The carpenter jimmied the claw of his hammer behind the scroll molding at the top of the wainscoting. With a jerk of his wrist, nails hidden beneath white paint and putty squealed—a sound that, along with a dentist’s drill and Britney Spears’ voice, always sets my teeth on edge. He wrenched the molding off the wall, accompanied by more squealing, and began attacking the wainscoting. I stood back as he slipped a chisel beneath the bead board to loosen it, then ripped it off the wall. The zigzag of wood glue that had fastened the sheet to the wall reminded me of an anaconda in a mink coat. And that’s when I choked up.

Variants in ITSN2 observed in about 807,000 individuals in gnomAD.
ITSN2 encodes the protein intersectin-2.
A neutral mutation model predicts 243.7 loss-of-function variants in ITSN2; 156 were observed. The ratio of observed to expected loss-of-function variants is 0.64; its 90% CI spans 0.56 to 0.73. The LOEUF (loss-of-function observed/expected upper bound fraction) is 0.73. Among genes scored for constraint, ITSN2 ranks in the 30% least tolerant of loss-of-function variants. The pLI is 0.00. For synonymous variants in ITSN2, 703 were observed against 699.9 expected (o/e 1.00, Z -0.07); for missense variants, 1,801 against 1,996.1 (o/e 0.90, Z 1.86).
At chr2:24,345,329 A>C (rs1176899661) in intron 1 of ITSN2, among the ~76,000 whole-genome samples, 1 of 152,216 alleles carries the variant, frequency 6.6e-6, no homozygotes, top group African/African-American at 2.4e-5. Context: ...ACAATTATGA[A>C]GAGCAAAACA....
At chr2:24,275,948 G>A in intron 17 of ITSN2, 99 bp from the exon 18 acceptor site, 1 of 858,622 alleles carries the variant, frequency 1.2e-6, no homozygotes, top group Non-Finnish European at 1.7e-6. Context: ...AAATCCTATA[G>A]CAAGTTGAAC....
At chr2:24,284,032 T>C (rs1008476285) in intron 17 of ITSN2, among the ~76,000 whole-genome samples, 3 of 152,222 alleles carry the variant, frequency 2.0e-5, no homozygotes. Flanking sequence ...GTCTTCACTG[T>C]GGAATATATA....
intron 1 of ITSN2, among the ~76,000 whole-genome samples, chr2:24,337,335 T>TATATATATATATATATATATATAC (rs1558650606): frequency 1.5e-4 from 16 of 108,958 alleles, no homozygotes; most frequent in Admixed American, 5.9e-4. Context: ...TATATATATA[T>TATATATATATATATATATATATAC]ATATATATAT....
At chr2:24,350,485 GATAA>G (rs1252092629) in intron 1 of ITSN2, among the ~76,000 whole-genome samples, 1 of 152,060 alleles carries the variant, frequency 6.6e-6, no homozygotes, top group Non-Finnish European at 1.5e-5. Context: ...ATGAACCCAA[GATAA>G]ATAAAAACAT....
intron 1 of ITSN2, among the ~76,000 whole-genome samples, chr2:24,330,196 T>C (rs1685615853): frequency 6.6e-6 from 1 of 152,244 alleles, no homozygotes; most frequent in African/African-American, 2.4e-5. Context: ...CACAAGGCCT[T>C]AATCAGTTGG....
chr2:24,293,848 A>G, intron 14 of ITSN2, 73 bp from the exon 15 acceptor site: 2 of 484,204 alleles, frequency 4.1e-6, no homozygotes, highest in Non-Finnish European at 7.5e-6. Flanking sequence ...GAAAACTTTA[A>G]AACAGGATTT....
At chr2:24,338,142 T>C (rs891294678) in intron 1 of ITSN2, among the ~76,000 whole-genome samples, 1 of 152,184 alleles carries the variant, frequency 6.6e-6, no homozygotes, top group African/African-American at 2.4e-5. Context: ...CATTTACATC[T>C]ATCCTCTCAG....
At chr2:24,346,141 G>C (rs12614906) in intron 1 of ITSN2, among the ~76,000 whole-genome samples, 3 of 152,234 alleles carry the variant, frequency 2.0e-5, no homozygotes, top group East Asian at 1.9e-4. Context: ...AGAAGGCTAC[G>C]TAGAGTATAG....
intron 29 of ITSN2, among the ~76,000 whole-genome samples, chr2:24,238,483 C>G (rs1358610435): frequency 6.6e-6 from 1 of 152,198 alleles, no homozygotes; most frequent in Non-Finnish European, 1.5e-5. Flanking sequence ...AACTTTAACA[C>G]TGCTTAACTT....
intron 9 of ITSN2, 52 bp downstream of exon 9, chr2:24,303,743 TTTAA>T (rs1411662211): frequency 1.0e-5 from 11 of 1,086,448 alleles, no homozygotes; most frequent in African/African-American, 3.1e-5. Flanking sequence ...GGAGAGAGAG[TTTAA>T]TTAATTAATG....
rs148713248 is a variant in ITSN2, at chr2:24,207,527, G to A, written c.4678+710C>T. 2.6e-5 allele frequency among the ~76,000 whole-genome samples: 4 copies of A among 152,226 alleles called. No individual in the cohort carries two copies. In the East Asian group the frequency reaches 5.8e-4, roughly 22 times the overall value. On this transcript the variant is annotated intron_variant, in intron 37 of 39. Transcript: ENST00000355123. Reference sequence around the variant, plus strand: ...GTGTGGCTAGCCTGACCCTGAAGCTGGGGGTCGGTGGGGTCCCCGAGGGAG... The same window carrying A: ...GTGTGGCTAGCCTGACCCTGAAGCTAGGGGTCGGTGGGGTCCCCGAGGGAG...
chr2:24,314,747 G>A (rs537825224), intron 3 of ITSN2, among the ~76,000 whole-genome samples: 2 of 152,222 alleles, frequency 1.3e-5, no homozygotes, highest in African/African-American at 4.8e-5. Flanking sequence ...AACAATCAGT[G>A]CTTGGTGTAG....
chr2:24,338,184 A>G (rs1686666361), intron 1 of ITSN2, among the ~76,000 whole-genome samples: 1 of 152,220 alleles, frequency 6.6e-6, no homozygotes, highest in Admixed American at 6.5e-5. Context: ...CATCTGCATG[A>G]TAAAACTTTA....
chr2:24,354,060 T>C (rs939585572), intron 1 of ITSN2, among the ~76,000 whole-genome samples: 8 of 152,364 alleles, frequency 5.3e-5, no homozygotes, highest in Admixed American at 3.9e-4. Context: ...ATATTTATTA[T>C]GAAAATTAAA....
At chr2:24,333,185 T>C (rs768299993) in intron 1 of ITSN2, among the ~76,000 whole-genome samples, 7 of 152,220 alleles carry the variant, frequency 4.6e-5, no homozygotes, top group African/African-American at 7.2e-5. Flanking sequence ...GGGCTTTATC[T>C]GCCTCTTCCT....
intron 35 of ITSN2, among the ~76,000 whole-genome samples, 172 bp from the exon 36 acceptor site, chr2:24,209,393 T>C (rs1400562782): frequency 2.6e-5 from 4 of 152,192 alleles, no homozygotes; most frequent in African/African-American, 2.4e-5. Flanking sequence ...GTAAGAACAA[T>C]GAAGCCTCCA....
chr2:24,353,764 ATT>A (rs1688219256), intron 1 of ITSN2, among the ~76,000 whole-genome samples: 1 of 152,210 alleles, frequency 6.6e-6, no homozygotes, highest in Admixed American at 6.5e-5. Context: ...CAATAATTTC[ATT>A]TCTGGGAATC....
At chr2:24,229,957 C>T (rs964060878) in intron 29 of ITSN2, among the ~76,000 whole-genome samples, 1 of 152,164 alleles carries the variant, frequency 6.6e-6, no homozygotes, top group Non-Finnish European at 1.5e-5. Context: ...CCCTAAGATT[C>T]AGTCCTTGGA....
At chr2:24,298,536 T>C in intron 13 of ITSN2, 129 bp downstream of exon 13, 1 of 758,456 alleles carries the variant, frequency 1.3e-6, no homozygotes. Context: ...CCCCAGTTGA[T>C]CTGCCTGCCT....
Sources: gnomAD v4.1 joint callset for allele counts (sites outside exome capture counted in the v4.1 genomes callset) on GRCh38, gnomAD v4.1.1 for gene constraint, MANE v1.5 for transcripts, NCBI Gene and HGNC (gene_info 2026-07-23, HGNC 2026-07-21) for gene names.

Crying may seem an odd reaction to seeing our Connecticut kitchen demolished, for the second time, in the name of remodeling. That kind of behavior is typically reserved for after the renovation, when you’re sitting alone at your desk, a half-empty bottle of scotch at your side, checking and rechecking the contractor’s bill. But my emotional blip wasn’t out of any lingering affection for our appliances. One of the professional double wall ovens hadn’t worked in years, and the other couldn’t keep its heat up even if Julia Child herself were cooing into its cracked control panel. The cooktop’s vent was broken and its burners sparked incessantly when turned on. And the side-by-side fridge was trapped in a corner, so we couldn’t open the freezer door more than 70 degrees, rendering it virtually useless. Read more »